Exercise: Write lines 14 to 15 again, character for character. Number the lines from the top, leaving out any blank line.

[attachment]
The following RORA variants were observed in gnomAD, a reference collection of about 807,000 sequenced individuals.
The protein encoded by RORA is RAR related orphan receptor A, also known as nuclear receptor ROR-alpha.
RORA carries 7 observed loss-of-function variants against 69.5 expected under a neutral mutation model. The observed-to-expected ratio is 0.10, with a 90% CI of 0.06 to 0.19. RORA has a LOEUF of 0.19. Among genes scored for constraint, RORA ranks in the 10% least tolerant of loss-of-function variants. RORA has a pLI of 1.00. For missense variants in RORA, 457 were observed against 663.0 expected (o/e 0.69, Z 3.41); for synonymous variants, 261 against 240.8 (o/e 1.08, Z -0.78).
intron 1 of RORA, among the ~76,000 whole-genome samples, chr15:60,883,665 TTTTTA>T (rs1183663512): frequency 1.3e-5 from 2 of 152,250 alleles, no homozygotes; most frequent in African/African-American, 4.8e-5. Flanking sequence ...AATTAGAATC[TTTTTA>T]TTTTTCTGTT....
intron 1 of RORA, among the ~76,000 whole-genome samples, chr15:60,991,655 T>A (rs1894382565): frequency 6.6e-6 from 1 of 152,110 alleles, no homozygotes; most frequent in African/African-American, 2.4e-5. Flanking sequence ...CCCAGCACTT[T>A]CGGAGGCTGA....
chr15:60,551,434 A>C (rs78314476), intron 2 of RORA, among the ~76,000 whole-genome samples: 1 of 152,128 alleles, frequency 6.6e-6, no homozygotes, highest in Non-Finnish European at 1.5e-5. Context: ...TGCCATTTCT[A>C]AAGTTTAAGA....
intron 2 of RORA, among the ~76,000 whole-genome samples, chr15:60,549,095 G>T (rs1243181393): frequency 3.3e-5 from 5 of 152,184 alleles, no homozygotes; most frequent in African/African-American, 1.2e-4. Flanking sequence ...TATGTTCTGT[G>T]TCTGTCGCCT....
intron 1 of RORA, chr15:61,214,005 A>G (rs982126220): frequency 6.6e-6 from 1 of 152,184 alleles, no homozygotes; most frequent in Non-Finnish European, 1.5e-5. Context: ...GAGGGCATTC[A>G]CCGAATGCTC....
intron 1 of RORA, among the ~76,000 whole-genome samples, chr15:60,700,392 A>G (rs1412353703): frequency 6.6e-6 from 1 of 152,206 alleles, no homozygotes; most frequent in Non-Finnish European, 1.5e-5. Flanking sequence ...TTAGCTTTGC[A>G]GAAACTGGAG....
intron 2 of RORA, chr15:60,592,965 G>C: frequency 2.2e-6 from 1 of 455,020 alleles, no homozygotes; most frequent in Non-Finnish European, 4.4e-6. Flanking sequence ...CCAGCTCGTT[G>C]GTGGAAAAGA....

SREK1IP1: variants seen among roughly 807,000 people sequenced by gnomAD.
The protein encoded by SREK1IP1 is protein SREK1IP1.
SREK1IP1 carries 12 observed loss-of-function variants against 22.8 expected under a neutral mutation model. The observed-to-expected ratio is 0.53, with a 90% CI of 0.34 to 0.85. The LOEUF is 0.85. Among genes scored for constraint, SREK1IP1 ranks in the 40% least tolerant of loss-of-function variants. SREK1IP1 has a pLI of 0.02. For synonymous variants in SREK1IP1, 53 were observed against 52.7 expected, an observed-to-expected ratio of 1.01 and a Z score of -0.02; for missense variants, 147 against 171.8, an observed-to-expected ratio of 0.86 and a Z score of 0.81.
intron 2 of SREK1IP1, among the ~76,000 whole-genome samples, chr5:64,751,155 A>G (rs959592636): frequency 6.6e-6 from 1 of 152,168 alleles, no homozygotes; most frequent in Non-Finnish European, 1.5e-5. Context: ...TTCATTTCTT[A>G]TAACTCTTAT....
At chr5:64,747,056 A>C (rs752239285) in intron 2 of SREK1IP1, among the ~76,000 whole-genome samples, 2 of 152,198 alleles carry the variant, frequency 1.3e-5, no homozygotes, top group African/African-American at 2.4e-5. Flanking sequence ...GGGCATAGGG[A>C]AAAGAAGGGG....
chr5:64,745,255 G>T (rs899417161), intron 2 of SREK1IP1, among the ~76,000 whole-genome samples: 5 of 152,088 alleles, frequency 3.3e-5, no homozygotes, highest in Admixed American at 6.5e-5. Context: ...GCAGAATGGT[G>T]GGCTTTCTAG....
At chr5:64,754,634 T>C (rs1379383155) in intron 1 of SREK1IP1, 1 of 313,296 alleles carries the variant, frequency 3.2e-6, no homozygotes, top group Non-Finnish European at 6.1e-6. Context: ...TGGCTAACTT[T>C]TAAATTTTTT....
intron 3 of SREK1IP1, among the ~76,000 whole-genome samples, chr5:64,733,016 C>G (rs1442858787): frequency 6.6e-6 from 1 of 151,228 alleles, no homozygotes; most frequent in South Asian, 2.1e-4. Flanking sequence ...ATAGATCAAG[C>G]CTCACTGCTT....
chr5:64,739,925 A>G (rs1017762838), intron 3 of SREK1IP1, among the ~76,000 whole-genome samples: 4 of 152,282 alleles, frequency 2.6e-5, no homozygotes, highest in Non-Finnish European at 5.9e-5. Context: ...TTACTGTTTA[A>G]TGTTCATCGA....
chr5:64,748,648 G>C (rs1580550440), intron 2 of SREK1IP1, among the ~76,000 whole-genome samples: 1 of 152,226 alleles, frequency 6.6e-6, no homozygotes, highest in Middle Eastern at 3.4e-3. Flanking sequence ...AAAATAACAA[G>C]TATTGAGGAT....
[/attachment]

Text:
intron 2 of SREK1IP1, among the ~76,000 whole-genome samples, chr5:64,751,155 A>G (rs959592636): frequency 6.6e-6 from 1 of 152,168 alleles, no homozygotes; most frequent in Non-Finnish European, 1.5e-5. Context: ...TTCATTTCTT[A>G]TAACTCTTAT....
At chr5:64,747,056 A>C (rs752239285) in intron 2 of SREK1IP1, among the ~76,000 whole-genome samples, 2 of 152,198 alleles carry the variant, frequency 1.3e-5, no homozygotes, top group African/African-American at 2.4e-5. Flanking sequence ...GGGCATAGGG[A>C]AAAGAAGGGG....